To keep your website secure, you need to regularly update the WordPress core, as well as any installed plugins and themes. You can do this either automatically or manually:
- Manual updates give you control over when updates are installed. For example, you can wait and see if installing a particular update caused issues for other WordPress users. However, you need to remember to update regularly to avoid falling behind.
- Automatic updates give you peace of mind by keeping your WordPress installation up-to-date. However, updates can sometimes break your installation, and with automatic updates, you may not learn about it right away.
For security reasons, we recommend that you configure automatic updates.
To update a WordPress installation manually:
Go to WordPress. If your WordPress installation needs updating, you will see “available” next to “Updates” (below the website screenshot).
Click “View” next to “Updates”, wait for WordPress Toolkit to load the list of available updates, and then select the updates you want to install.
Note: If an update of a WordPress core is available, you will see the “Restore Point” checkbox. Keep this checkbox selected to create a restore point you can use to roll back the update if something goes wrong.
The selected updates will be applied.
To configure automatic updates for a WordPress installation:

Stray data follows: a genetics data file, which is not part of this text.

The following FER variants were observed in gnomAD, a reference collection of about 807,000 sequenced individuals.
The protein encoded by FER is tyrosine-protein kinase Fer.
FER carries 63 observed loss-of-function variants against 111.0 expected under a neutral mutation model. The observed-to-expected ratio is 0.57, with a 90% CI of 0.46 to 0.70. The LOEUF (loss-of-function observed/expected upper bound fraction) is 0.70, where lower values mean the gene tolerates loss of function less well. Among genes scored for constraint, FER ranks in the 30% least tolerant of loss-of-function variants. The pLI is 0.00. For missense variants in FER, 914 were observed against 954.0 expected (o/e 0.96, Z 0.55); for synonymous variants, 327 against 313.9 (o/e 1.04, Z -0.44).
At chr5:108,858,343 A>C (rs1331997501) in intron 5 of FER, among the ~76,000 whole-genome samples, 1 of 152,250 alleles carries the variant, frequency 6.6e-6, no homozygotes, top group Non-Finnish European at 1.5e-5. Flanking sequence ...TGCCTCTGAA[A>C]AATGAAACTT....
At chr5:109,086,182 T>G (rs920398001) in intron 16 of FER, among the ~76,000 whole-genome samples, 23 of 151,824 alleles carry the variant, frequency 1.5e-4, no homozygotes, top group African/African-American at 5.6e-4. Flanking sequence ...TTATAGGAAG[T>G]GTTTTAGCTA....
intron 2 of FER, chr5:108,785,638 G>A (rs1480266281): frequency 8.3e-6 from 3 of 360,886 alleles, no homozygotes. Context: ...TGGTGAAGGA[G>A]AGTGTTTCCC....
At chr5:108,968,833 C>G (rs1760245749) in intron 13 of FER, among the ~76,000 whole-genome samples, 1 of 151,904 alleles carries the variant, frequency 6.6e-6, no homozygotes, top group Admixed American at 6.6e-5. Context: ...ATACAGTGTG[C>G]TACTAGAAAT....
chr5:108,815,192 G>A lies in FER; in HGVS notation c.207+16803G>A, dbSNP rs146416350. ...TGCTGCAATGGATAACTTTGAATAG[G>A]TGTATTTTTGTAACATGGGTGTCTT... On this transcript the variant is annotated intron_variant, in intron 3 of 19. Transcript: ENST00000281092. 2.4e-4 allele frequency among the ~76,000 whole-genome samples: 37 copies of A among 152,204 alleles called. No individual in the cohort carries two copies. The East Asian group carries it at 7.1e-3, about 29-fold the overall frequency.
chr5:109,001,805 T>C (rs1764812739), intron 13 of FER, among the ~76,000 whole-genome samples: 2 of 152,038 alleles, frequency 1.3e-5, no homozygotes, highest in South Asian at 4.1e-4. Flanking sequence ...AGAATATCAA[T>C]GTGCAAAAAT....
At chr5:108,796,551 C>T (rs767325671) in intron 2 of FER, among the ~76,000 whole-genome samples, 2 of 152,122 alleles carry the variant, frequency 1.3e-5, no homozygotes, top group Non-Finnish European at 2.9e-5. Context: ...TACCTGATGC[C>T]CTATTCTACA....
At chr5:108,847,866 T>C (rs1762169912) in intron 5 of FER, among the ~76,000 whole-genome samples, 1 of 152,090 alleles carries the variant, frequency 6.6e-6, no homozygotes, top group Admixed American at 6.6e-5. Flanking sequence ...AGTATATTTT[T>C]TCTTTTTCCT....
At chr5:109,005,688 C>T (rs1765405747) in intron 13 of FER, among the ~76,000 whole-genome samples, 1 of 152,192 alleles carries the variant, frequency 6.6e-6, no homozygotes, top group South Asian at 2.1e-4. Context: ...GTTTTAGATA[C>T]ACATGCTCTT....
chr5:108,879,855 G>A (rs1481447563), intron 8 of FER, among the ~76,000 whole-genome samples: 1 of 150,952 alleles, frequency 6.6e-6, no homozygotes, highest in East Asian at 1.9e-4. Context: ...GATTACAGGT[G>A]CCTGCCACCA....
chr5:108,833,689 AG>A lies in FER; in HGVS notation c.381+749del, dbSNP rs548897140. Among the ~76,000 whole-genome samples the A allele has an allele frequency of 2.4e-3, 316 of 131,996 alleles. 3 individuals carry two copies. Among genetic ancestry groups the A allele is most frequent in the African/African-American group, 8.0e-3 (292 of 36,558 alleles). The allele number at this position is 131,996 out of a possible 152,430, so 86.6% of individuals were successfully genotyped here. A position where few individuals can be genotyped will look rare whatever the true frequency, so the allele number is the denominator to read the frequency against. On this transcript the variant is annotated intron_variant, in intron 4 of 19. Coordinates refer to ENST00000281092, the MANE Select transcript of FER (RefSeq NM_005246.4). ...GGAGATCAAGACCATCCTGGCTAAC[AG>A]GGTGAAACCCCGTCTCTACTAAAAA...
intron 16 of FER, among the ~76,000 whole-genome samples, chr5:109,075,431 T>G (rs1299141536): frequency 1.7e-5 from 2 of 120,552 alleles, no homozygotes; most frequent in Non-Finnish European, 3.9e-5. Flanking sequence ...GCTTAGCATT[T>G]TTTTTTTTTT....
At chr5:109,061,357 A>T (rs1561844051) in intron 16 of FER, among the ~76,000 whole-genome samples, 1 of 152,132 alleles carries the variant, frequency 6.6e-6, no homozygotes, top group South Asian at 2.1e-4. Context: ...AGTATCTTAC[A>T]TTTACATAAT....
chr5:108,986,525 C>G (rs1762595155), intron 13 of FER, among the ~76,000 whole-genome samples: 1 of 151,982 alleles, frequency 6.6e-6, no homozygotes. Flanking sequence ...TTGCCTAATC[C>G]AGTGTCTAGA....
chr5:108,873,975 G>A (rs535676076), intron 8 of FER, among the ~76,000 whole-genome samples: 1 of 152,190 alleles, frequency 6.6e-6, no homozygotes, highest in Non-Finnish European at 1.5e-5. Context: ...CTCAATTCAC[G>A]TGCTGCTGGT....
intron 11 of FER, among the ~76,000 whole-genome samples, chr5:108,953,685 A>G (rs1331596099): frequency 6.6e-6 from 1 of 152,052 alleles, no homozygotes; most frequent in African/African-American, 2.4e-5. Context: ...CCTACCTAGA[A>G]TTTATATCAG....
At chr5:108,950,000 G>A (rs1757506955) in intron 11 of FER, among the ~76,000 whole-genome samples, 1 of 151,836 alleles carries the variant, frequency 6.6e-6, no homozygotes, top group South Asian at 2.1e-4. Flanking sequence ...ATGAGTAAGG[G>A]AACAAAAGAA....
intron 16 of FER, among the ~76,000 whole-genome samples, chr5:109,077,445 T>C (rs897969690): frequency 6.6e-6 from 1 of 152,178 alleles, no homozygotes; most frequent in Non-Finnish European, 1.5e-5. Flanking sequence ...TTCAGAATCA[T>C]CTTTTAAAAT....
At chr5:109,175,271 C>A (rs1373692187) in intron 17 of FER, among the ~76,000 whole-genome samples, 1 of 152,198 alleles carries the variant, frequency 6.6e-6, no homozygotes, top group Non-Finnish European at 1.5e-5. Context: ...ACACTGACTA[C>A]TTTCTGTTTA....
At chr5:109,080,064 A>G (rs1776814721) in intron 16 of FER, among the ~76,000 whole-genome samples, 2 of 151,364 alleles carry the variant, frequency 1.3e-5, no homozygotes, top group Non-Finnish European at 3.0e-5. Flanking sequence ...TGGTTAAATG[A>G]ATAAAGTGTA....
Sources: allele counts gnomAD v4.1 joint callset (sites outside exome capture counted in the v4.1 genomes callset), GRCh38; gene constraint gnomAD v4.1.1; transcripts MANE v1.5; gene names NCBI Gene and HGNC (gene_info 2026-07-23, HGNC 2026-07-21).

- Go to WordPress and choose the WordPress installation that you want to update automatically.
- Click “View” next to “Updates”, and then click “Settings”.
- Choose the desired automatic update settings. You can configure automatic updates separately for WordPress core, plugins, and themes (for example, you can choose to enable automatic updates for plugins and themes, but not for WordPress core). Follow these recommendations:
- Selecting “No” next to “Update WordPress automatically” turns off automatic updates of WordPress core. This is insecure.
- If your website is publicly available (production) and you are concerned that applying updates automatically may break it, select “Yes, but only minor (security) updates”.
- If your website is a non-public (staging) version of a WordPress website, select “Yes, all (minor and major) updates”. This will keep your staging website up-to-date and ensure that, should an update break something, it happens to the staging website and not to the production one.
- Click OK.